Kipling is famous, of course, for the If poem as well as for being the author of The Jungle Book. He is infamous for his views on imperialism. Not surprisingly for a man of his age, class, nationality, etc he was very much in favour of it. I don’t know if it represented reality, but I was very heartened by the overflowing waste paper bin in Kipling’s study (above). I discovered that T. E. Lawrence once annoyed him by flying low over his house – Kipling was unimpressed by the plane’s noisiness! I came away from Bateman’s with several books including Puck of Pook’s Hill, which I read while at university, and am enjoying reading again.

Six weeks ago, I had a two hour appointment at my dentist’s. A lot of work was done on my poor teeth. Unfortunately, not every problem has been resolved, and I have to go back. Due to the backlog caused by Covid, however, the earliest appointment I could get is at the end of the month. Ouch.

The coronavirus caused a year long delay to my scheduled appointment at the optician’s. Things went better there, when I finally fulfilled it this week; I damaged my main pair of glasses in late 2019 and was finally able to replace them. The frames of those glasses were inspired by John Paul II when he was still Karol Wojtyła (appropriately enough they were made by a company called Religion). The new frames were inspired by Hugh Grant’s in Notting Hill. I love that film and I love Charles Thacker’s glasses even more. What can I say; that’s the truth!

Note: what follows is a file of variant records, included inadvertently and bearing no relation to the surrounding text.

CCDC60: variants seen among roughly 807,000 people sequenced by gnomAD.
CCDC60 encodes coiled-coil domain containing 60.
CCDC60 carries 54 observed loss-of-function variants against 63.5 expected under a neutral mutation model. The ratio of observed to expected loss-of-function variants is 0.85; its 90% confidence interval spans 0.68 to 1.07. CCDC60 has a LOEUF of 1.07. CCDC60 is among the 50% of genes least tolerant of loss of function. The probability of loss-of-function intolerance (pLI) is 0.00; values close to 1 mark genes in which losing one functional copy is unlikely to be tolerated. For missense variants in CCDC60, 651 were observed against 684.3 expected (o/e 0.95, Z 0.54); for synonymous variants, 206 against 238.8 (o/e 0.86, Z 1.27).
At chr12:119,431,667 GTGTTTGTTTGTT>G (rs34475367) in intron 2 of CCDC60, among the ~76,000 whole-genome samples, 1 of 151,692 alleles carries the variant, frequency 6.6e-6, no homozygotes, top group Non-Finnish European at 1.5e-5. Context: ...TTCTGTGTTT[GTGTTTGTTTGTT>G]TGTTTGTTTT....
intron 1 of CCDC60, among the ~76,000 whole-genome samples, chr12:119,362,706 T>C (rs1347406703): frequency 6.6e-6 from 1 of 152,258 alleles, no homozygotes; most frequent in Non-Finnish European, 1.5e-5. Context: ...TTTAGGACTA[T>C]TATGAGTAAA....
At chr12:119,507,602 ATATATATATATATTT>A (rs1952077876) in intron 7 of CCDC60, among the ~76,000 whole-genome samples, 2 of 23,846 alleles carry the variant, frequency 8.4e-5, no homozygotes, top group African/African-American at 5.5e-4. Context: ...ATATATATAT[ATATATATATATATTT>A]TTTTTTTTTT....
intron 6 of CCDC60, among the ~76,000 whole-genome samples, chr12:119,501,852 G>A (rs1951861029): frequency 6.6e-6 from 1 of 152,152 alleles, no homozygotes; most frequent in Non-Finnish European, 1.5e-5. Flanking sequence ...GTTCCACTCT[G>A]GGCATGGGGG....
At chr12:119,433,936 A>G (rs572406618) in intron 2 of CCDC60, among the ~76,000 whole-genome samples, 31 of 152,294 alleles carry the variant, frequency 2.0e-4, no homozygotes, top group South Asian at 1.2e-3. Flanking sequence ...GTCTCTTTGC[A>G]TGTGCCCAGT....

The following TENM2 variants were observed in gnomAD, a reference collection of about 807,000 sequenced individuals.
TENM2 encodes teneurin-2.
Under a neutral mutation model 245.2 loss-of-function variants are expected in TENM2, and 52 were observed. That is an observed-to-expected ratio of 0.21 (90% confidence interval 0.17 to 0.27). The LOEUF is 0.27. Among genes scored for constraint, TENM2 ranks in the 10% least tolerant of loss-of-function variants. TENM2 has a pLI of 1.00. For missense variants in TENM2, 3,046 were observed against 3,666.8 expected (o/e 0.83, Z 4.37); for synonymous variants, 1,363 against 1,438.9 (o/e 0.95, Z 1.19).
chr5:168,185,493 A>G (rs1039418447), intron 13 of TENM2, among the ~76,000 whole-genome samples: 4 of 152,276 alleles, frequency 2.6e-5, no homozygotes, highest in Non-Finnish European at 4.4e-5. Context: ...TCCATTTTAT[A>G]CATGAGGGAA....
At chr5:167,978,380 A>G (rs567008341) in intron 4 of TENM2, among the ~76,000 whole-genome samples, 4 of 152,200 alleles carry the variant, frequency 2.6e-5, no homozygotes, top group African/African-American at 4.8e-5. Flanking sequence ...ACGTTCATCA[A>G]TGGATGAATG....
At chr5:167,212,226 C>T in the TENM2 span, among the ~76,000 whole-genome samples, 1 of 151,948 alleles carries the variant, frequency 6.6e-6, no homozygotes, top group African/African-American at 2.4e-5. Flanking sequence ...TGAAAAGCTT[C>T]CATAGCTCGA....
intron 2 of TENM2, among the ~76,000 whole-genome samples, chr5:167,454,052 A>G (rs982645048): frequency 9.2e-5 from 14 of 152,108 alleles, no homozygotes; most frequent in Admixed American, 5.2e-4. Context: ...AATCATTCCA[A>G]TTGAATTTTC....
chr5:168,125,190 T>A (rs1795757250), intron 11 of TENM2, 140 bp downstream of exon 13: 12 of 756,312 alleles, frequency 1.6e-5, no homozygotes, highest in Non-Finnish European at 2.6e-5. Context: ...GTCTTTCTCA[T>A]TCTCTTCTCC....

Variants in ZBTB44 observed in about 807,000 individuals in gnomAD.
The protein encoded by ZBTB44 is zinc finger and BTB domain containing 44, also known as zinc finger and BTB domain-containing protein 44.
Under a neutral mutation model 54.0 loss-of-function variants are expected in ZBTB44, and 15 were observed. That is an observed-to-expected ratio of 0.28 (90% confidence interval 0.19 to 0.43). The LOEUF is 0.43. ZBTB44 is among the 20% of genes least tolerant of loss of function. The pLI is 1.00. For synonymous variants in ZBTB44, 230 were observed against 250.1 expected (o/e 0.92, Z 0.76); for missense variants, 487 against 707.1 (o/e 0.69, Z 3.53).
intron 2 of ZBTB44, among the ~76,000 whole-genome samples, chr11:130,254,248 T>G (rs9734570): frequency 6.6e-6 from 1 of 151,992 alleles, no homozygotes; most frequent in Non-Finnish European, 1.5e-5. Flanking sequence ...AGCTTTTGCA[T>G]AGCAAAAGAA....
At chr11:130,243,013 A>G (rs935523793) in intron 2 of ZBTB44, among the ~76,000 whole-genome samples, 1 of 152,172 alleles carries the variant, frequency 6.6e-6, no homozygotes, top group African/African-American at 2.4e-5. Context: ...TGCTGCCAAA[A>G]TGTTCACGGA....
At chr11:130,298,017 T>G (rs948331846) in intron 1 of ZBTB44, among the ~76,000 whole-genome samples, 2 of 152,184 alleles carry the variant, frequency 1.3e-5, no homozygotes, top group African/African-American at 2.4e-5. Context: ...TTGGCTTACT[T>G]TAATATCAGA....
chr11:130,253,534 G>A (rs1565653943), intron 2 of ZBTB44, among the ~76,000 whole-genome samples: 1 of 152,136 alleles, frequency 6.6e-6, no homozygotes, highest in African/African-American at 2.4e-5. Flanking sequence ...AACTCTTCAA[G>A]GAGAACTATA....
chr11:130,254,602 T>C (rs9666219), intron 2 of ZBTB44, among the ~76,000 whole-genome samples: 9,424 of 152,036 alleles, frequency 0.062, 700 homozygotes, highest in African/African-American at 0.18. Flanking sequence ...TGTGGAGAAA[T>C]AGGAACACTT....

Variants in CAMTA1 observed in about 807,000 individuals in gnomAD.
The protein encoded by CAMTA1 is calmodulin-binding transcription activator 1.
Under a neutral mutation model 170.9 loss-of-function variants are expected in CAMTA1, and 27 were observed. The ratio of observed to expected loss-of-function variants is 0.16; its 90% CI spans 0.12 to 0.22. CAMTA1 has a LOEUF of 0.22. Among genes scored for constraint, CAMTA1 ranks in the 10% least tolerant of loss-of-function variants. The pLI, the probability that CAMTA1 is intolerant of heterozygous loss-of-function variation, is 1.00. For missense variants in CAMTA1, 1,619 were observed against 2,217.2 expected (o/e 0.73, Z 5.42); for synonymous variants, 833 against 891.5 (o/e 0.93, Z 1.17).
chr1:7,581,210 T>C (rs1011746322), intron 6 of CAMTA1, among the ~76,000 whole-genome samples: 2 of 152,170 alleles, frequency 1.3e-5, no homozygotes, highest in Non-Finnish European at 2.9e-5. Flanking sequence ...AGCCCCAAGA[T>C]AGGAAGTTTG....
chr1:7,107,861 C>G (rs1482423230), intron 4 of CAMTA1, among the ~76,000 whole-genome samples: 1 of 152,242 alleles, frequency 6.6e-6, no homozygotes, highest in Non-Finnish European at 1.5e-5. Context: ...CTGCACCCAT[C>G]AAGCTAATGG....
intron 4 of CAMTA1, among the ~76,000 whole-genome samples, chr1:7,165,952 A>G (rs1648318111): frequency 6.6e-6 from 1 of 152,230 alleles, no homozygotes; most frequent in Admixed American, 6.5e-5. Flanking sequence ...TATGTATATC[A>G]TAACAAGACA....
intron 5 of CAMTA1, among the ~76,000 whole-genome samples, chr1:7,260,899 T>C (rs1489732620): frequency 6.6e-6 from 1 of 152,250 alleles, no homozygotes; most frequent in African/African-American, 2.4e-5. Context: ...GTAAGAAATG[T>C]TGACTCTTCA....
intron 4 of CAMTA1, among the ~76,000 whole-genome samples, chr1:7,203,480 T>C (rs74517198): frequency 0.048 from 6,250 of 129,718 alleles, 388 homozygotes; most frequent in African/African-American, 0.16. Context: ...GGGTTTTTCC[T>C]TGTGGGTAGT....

Oh, I almost forgot – I actually had a night out in the pub! This happened a couple of weeks ago with E., my best friend. We don’t see each other very often these days (not a Covid specific thing, just life) so it was a great pleasure drinking and chatting with him. We met on a Saturday night in a pub that would otherwise have been packed. It was instead rather empty. I guess it will take a while before people pick up their social lives again. That’s understandable.

So, life has been getting a little back to normal. It hasn’t been perfect – family members with ill health has seen to that – but I am grateful for what I have all the same. I think I will end this post on that note: being grateful. It’s something I know I am not as often as I should be.

Alex Strangelove

Here Be Spoilers!